2 of our children are in 4-H. My kids are fairly competitive so they want girls that are going to win. They also have to have an animal they can build a relationship with as I can't do any of the "work" (shaving, hooves ect...) once we are on show grounds. It is also important to me that the size is appropriate. My daughter shows a larger ND (Wildflower) and loves her. She is well trained on a lead though and easy to set up. My son showed a kid last year (his choice although he had others available). this year I am sure he will take his bigger goat, Jazz or a new to him goat. Our paperwork is always due in May. I also have to rent my goats to my children as they are registered in my name even though we have a family AGS membership.
     
  6. HoosierShadow

    HoosierShadow Senior Member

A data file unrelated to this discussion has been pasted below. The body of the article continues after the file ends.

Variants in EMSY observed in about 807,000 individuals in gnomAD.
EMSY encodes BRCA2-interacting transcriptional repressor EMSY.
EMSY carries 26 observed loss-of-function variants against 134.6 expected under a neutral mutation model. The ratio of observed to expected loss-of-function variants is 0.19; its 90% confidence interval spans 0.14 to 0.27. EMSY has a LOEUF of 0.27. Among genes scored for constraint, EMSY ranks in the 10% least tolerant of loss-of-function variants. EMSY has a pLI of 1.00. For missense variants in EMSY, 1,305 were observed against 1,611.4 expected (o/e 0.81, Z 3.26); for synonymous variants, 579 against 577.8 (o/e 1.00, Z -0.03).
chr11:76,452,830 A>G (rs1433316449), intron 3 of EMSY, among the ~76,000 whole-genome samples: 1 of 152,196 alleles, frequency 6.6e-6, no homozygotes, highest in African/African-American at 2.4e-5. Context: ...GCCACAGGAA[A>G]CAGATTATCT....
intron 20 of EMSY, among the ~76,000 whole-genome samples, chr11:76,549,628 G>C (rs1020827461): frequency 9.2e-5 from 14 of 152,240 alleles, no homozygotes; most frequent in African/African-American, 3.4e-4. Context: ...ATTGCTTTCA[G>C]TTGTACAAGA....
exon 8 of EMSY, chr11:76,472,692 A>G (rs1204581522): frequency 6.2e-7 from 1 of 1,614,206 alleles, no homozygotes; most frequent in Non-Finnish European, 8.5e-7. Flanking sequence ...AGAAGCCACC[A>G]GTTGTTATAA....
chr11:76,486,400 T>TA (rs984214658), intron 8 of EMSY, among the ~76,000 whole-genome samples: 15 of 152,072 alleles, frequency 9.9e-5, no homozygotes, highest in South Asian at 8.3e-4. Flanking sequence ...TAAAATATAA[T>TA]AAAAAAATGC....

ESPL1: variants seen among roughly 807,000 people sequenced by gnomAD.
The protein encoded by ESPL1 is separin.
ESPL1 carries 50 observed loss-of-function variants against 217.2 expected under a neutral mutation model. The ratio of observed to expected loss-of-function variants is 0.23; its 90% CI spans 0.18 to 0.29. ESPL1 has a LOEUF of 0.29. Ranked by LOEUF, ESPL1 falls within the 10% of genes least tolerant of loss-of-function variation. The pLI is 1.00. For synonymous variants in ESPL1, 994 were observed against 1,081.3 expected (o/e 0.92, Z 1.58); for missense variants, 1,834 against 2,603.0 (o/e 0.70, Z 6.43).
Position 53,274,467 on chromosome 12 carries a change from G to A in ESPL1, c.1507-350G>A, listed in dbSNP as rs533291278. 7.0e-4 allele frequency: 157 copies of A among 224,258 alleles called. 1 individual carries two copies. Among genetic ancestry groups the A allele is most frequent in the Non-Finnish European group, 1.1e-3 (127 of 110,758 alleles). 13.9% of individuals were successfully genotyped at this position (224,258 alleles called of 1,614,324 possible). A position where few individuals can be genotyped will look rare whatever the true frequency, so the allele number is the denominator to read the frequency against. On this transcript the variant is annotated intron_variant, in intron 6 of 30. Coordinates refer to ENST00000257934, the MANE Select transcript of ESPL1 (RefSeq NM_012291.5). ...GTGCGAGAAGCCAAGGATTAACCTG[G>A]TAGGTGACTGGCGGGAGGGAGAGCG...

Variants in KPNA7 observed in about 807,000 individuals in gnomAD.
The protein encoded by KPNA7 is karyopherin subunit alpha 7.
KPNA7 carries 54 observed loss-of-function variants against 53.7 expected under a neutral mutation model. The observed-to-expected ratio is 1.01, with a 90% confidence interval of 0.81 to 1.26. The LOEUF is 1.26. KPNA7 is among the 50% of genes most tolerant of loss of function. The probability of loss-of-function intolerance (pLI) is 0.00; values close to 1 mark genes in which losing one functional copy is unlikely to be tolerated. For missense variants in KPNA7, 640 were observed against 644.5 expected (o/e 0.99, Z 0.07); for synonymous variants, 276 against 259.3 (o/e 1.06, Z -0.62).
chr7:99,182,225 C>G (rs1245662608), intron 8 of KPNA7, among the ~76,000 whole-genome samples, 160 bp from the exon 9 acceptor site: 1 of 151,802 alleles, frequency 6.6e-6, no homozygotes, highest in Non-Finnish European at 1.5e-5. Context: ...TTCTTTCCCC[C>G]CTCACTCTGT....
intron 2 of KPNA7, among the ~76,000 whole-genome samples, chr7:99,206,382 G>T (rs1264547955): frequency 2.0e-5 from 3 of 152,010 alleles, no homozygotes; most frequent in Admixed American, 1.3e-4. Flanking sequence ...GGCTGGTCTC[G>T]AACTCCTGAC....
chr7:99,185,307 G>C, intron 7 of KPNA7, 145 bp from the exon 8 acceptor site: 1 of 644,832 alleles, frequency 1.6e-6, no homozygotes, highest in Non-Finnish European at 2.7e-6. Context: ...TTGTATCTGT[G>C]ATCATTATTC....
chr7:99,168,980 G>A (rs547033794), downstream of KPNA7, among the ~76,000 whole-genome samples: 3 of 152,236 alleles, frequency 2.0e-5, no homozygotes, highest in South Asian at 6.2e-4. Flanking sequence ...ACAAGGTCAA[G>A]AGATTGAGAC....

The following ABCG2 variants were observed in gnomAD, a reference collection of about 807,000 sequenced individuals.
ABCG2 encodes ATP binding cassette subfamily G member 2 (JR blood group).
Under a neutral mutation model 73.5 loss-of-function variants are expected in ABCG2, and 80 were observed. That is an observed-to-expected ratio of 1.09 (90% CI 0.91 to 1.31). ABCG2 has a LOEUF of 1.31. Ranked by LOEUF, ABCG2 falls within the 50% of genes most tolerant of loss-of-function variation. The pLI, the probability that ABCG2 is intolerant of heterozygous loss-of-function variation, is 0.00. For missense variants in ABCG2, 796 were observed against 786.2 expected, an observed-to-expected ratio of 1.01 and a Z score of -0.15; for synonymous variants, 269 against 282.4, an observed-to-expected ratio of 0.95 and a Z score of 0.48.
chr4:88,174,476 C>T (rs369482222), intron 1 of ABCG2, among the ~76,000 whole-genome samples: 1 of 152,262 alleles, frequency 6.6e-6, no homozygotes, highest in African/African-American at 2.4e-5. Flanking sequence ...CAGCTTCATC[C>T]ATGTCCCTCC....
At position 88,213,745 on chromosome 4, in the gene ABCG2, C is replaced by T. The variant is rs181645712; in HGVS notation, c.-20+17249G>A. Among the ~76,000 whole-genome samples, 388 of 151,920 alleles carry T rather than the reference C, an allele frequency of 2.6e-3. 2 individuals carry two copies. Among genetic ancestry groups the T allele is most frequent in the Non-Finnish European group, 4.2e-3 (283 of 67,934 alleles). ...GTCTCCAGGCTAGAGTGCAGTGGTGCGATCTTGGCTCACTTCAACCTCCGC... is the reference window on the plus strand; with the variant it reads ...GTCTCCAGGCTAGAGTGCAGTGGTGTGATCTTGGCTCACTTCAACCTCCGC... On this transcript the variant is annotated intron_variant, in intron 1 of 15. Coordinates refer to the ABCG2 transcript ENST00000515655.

Apr 19, 2010
    Central Kentucky
    Ok I found out tonight at the meeting that the market whethers have to have a state ID/skin test and they gave me a list in case we do whethers - we have until Mid May to figure it out - before the closest state ID/skin test.
    With the does, we have to have a vet certificate before each show and just bring paperwork.

    We want our kids to use doelings we have had born <4 to choose from>. I am going to send their paperwork in this week to start the registration process.

    Oh - the does HAVE to be registered in my kids names. BUT, I think I can register both my kids names on each goat.